Workers and retirees who don't get pre-clearance from their health plans for non-emergency hospitalization next year will be hit with a $500 penalty.

Pre-clearance, which has been standard practice for years in many private health plans, is one of the new 1991 cost-containment features in the federal employee health benefits program. The federal program covers about half of the insured people in the Washington area.

Most federal health maintenance organizations have had the pre-clearance rule all along. But it is new for most of the traditional fee-for-service plans. That is important since 75 percent of the people in the federal program are in fee-for-service plans such as Blue Cross, GEHA or popular union-backed plans such as the Mailhandlers or the American Postal Workers Union plan.

Emergency hospitalizations are exempt from the pre-clearance requirement. But for other conditions such as elective surgery, you or your doctor must notify your health plan and get its approval before you go to the hospital. Just telling them you are going in won't do it. Otherwise, expect the $500 penalty.

In another cost-control measure, most fee-for-service plans also will base limits on what they will pay on "reasonable and customary" charges made by local doctors. Some will set ranges based on communities; some will go by the zip code of the physician in determining what is reasonable and customary for that area. This can be a tricky feature in a big metropolitan area such as Washington that has lots of doctors and many different rates. It would help if your doctor would check over the brochures of the plans you are considering to see if his fees fit within the ranges they will pay.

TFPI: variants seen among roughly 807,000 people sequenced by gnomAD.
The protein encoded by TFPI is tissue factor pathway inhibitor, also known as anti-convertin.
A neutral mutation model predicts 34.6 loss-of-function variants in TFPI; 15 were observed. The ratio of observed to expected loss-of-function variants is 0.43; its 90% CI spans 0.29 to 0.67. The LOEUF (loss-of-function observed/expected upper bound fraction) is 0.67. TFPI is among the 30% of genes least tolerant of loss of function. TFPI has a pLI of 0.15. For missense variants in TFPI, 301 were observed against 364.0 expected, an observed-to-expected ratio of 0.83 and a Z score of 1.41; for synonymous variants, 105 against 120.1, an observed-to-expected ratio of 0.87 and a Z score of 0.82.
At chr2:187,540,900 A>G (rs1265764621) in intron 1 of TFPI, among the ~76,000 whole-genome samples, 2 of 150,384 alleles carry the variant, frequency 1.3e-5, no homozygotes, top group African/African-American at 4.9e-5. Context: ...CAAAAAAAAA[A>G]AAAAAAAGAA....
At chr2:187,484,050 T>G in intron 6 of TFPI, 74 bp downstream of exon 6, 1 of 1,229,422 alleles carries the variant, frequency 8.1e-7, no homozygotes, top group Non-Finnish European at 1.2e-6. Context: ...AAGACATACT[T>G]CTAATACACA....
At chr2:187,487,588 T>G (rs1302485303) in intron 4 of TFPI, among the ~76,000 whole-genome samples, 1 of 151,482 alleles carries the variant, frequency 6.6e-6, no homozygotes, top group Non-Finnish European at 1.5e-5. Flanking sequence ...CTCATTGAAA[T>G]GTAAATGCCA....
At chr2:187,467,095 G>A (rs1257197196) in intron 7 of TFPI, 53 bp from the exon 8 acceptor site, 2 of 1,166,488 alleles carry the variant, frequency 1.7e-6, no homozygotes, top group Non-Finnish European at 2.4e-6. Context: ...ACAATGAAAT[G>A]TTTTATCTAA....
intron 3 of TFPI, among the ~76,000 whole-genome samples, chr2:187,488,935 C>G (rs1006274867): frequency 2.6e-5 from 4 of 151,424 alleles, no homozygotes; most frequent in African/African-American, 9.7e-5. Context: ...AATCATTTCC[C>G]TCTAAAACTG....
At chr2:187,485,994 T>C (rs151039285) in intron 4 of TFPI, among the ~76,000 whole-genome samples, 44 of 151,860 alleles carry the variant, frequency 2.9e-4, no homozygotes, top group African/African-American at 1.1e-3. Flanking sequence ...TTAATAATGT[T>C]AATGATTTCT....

NARFE Meeting

The Wheaton chapter of the National Association of Retired Federal Employees will have its regular 1 p.m. meeting today at the Wheaton Community Recreation Center.

Gray Power

About 40,000 members of the National Association of Retired Federal Employees sent telegrams to Congress protesting the plan to freeze and then reduce retiree cost-of-living adjustments. The association set up a phone service so members could, for a fee, send pre-written telegrams. Congress dropped the pension freeze plan. Result: Federal-military and Social Security retirees will get a 5.4 percent increase in January.

Foreign Service Spouses

George Mason University and the State Department has set up a new program to prepare spouses of Foreign Service officers for teaching jobs in schools overseas. The program is called "Fast Train" and leads to a state certification in elementary or secondary education, which in turn could lead to a job overseas. For details, call Michele Braithwaite at 703-764-7804.

Military Families

Retired Adm. William J. Crowe Jr. will speak at the Nov. 28 noontime meeting of the National Military Family Association. The session will be at the Army-Navy Country Club. For details, call 703-823-NMFA.